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Supreme Court, Appellate Division, Second Department, New York.

IN RE: VERIZON NEW YORK, INC., petitioner-respondent, v. Christopher BRADBURY, etc., et al., respondents, Cablevision Systems Corporation, Inc., appellant.

Decided: May 29, 2007

HOWARD MILLER, J.P., ROBERT W. SCHMIDT, DAVID S. RITTER, and DANIEL D. ANGIOLILLO, JJ. Hogan & Hartson, LLP, New York, N.Y. (Dennis H. Tracey III, David Dunn, Catherine E. Stetson, Jessica L. Ellsworth, and DelBello Donnellan Weingarten Tartaglia Wise & Weiderkehr, LLP, White Plains, N.Y. [Alan D. Scheinkman and Mark P. Weingarten] of counsel), for appellant. McGuireWoods, LLP, New York, N.Y. (Marshall Beil, Christine M. Fecko, and Jacob Hildner of counsel), for petitioner-respondent.

In a proceeding pursuant to CPLR article 78 to review a determination of the Board of Trustees of the Village of Rye Brook, dated September 21, 2005, which determined that documents submitted by Verizon New York, Inc., in connection with preliminary negotiations for a cable television franchise, were not subject to a Freedom of Information Law exemption to disclosure, Cablevision Systems Corporation, Inc., appeals, as limited by its brief, from so much of a judgment of the Supreme Court, Westchester County (Adler, J.), dated November 1, 2005, as granted that branch of the petition which was to determine that the exemption set forth in Public Officers Law § 87(2)(c) was applicable to the requested documents and prohibited their disclosure until such time as Verizon New York, Inc., submitted a formal request for a franchise agreement to the Village of Rye Brook.

ORDERED that the judgment is reversed insofar as appealed from, on the law, with costs, and the petition is denied in its entirety.

Verizon New York, Inc. (hereinafter Verizon), entered into discussions with representatives of the Village of Rye Brook (hereinafter Rye Brook) in connection with obtaining a franchise to provide cable television service to residents of Rye Brook.   Verizon provided Rye Brook with an initial draft of a cable franchise agreement and requested that Rye Brook protect the confidentiality of all submitted documents, pursuant to certain exemptions from disclosure set forth in the Freedom of Information Law (hereinafter FOIL), specifically Public Officers Law § 87(2)(c) and (d).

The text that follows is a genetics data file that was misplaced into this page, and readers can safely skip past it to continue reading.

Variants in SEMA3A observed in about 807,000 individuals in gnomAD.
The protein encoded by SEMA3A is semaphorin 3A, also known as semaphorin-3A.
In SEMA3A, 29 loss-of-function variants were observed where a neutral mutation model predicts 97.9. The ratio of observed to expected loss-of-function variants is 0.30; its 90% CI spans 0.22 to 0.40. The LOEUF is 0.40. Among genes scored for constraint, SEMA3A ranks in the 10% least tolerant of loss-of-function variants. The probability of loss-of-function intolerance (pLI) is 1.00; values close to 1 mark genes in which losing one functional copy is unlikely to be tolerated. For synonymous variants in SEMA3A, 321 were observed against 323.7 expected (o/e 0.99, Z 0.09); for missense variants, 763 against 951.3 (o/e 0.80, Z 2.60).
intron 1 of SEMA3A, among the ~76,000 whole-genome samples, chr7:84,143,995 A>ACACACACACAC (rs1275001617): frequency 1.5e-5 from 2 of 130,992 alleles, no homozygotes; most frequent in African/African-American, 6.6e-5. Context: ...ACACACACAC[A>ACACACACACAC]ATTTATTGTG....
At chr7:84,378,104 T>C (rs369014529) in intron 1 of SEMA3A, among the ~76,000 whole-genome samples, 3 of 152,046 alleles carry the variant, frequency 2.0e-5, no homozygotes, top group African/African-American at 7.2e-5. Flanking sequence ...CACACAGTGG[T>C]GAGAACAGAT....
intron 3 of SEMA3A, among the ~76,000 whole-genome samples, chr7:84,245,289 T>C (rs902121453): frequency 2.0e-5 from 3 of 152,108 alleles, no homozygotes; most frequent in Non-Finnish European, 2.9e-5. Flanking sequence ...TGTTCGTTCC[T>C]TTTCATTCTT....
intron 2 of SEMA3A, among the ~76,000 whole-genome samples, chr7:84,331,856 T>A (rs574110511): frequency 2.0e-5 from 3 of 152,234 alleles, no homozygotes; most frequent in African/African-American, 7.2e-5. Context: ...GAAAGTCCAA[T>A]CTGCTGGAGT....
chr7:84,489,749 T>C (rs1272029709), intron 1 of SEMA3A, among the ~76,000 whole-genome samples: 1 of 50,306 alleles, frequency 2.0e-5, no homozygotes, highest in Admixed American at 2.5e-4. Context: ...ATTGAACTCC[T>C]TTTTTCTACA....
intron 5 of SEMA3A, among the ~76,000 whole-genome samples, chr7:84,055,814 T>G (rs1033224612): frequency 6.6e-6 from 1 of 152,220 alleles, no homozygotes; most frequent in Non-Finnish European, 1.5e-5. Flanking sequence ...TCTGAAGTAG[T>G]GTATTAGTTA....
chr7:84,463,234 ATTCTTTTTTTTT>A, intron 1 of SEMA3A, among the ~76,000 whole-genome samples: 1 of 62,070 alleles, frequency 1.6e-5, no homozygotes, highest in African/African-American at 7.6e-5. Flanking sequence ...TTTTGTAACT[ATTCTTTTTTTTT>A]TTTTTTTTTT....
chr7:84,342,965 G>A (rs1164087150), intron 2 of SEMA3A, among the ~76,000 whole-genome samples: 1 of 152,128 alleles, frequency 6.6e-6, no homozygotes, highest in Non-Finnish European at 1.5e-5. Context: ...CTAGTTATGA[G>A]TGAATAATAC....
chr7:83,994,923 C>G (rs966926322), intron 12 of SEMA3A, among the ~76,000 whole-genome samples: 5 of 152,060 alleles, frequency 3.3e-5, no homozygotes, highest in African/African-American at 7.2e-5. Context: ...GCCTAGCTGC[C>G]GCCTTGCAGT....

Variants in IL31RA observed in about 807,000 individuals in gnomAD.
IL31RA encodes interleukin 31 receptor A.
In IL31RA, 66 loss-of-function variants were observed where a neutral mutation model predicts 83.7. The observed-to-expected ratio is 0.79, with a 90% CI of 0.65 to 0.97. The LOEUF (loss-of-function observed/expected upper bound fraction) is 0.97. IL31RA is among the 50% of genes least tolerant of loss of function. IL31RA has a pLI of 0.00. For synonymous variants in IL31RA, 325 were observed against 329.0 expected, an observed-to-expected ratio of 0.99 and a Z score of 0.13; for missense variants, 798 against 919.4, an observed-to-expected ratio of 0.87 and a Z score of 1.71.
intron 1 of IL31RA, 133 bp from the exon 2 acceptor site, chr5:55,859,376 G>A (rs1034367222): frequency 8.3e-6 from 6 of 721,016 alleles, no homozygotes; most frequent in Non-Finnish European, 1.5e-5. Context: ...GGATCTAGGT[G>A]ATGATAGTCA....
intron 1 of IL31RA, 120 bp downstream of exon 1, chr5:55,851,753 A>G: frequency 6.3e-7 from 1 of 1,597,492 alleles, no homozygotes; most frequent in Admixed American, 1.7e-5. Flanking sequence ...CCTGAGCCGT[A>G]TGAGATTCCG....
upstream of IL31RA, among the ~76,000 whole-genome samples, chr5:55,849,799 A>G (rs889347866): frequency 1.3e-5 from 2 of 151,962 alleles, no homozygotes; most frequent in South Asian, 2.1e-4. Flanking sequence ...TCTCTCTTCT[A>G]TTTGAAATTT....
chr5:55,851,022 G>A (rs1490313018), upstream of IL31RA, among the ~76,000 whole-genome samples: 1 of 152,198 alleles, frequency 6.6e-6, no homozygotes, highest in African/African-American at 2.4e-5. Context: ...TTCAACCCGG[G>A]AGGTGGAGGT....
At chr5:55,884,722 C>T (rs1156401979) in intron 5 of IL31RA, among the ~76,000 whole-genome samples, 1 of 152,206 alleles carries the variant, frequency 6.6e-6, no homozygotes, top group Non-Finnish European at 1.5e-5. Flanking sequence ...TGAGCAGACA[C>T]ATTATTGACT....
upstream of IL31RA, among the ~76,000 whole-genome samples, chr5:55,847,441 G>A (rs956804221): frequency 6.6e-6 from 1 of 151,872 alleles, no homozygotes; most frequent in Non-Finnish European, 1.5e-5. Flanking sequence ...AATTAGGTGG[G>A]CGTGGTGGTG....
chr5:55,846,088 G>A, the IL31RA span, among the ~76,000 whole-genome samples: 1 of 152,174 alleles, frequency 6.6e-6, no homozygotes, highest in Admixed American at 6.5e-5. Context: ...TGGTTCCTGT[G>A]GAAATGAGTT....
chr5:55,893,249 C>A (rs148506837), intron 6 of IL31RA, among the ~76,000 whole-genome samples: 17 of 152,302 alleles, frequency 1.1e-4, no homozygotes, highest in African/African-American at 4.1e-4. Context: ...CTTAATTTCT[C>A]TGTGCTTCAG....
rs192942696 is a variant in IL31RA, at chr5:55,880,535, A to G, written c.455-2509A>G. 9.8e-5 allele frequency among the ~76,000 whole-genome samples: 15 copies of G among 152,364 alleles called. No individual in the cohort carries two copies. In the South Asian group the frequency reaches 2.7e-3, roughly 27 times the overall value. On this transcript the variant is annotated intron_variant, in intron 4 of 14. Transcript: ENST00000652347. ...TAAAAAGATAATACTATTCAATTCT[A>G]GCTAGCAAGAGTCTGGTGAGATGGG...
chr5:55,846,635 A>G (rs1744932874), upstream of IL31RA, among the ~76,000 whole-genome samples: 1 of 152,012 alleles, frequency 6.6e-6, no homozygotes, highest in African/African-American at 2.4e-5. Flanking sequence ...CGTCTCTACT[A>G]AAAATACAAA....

Cablevision Systems Corporation, Inc. (hereinafter Cablevision), was the sole provider of cable television service to Rye Brook.   Cablevision made a FOIL request to Rye Brook on August 25, 2005, requesting all documents submitted by Verizon.

On September 21, 2005, Rye Brook informed Verizon that the documents submitted by Verizon were subject to disclosure under FOIL, as neither of the referenced exemptions (Public Officers Law § 87[2][c] and [d] ), was applicable.   Verizon commenced this proceeding pursuant to CPLR article 78 for review of the determination made by Rye Brook.

The Supreme Court determined that the exemption from disclosure under Public Officers Law § 87(2)(d) was not applicable, finding Verizon's assertion of a substantial competitive injury, if disclosure were made, to be conclusory.   The court determined, however, that the exemption contained in Public Officers Law § 87(2)(c) was applicable to the Verizon documents, finding the documents related to a multi-party negotiation, and thus their disclosure would impair an imminent contract award.   The Supreme Court, inter alia, prohibited Rye Brook from disclosing the documents until such time as Verizon submitted a formal request for a franchise agreement.